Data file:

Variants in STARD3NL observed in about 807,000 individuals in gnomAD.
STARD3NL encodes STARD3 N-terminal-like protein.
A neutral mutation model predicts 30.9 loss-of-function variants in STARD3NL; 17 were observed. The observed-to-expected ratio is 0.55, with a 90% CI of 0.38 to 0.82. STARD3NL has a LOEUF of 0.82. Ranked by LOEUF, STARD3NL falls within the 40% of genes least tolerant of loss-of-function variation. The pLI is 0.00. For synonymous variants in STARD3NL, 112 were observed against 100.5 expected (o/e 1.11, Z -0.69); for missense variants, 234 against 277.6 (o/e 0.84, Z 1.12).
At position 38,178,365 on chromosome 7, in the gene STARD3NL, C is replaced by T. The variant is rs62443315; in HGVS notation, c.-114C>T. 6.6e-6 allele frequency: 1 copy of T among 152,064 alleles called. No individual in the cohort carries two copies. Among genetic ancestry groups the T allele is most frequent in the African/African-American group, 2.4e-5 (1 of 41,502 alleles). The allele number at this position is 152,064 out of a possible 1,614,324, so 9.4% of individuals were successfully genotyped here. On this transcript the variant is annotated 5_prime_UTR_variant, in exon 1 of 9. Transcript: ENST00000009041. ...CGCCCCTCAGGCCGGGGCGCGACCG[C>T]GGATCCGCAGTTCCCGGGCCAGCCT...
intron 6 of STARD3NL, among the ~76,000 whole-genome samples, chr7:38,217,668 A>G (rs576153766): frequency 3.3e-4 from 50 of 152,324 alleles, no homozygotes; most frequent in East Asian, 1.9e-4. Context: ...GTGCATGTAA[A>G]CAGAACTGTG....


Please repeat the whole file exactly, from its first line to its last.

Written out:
Variants in STARD3NL observed in about 807,000 individuals in gnomAD.
STARD3NL encodes STARD3 N-terminal-like protein.
A neutral mutation model predicts 30.9 loss-of-function variants in STARD3NL; 17 were observed. The observed-to-expected ratio is 0.55, with a 90% CI of 0.38 to 0.82. STARD3NL has a LOEUF of 0.82. Ranked by LOEUF, STARD3NL falls within the 40% of genes least tolerant of loss-of-function variation. The pLI is 0.00. For synonymous variants in STARD3NL, 112 were observed against 100.5 expected (o/e 1.11, Z -0.69); for missense variants, 234 against 277.6 (o/e 0.84, Z 1.12).
At position 38,178,365 on chromosome 7, in the gene STARD3NL, C is replaced by T. The variant is rs62443315; in HGVS notation, c.-114C>T. 6.6e-6 allele frequency: 1 copy of T among 152,064 alleles called. No individual in the cohort carries two copies. Among genetic ancestry groups the T allele is most frequent in the African/African-American group, 2.4e-5 (1 of 41,502 alleles). The allele number at this position is 152,064 out of a possible 1,614,324, so 9.4% of individuals were successfully genotyped here. On this transcript the variant is annotated 5_prime_UTR_variant, in exon 1 of 9. Transcript: ENST00000009041. ...CGCCCCTCAGGCCGGGGCGCGACCG[C>T]GGATCCGCAGTTCCCGGGCCAGCCT...
intron 6 of STARD3NL, among the ~76,000 whole-genome samples, chr7:38,217,668 A>G (rs576153766): frequency 3.3e-4 from 50 of 152,324 alleles, no homozygotes; most frequent in East Asian, 1.9e-4. Context: ...GTGCATGTAA[A>G]CAGAACTGTG....